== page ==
Goats could rival dogs as man's new best friend
They may seem an unusual candidate for the title of man's best friend, but scientists have suggested that goats could rival dogs in forming an emotional bond with their owners.
Researchers from Queen Mary University of London aim to prove that goats are much cleverer than previously thought and interact with people in a similar way to pets, having trodden a path of domestication for 10,000 years.
Their latest experiment, documented in 'Biological Letters', showed that goats will gaze imploringly at their owners when they are struggling to complete a task, a trait common in dogs but not wolves, for example, who have never learned how to co-exist with humans.
The team has also demonstrated that goats can work out how to break into a sealed box using levers, a task used to gauge intelligence in apes. They can even remember the skill four years later without prompting.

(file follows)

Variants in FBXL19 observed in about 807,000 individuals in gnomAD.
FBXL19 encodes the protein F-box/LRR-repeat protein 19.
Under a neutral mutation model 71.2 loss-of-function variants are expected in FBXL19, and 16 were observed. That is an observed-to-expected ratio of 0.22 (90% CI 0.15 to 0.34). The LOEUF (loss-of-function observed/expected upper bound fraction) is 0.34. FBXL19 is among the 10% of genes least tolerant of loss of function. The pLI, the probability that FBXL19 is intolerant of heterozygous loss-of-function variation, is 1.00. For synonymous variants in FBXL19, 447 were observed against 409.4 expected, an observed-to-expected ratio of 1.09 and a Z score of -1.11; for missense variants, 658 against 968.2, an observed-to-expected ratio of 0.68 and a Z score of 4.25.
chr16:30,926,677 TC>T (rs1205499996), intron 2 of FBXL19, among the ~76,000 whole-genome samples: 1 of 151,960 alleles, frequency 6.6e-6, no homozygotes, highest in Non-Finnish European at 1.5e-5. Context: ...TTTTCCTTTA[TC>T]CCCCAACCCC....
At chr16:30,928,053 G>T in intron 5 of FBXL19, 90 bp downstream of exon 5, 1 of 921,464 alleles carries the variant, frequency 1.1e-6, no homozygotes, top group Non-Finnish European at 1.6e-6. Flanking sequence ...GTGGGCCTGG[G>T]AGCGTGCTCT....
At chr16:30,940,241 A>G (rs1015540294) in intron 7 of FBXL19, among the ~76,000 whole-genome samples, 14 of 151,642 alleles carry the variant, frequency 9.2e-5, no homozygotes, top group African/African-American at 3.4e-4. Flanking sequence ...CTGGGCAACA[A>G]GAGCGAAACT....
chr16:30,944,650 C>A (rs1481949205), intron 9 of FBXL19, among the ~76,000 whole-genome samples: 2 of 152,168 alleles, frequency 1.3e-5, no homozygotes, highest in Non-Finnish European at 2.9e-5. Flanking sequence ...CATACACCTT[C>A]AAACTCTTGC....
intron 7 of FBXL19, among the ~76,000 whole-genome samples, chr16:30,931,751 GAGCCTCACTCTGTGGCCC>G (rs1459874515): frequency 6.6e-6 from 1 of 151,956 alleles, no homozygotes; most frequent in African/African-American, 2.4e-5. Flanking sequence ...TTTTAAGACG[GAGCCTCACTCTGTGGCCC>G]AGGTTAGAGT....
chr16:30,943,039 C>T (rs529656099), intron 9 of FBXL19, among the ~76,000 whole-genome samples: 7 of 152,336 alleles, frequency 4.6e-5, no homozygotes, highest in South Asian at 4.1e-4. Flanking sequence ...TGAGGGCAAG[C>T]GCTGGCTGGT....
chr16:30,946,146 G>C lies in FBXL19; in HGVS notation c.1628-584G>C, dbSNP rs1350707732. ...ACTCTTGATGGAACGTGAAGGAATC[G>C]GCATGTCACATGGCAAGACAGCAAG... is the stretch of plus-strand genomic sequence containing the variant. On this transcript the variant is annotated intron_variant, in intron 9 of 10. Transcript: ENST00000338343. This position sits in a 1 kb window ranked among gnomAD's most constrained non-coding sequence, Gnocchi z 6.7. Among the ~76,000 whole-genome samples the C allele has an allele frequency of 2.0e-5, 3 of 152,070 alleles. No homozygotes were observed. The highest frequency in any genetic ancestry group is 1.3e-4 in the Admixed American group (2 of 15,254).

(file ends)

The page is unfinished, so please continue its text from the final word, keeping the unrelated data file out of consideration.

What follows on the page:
"Our results provide strong evidence for complex communication directed at humans in a species that was domesticated primarily for agricultural production, and show similarities with animals bred to become pets or working animals," said Dr Christian Nawroth, one of the study's authors.
The stated aim of the research is to improve the animal's welfare.
"If we can show that they are more intelligent, then hopefully we can bring in better guidelines for their care," co-author Dr Alan McElligott said.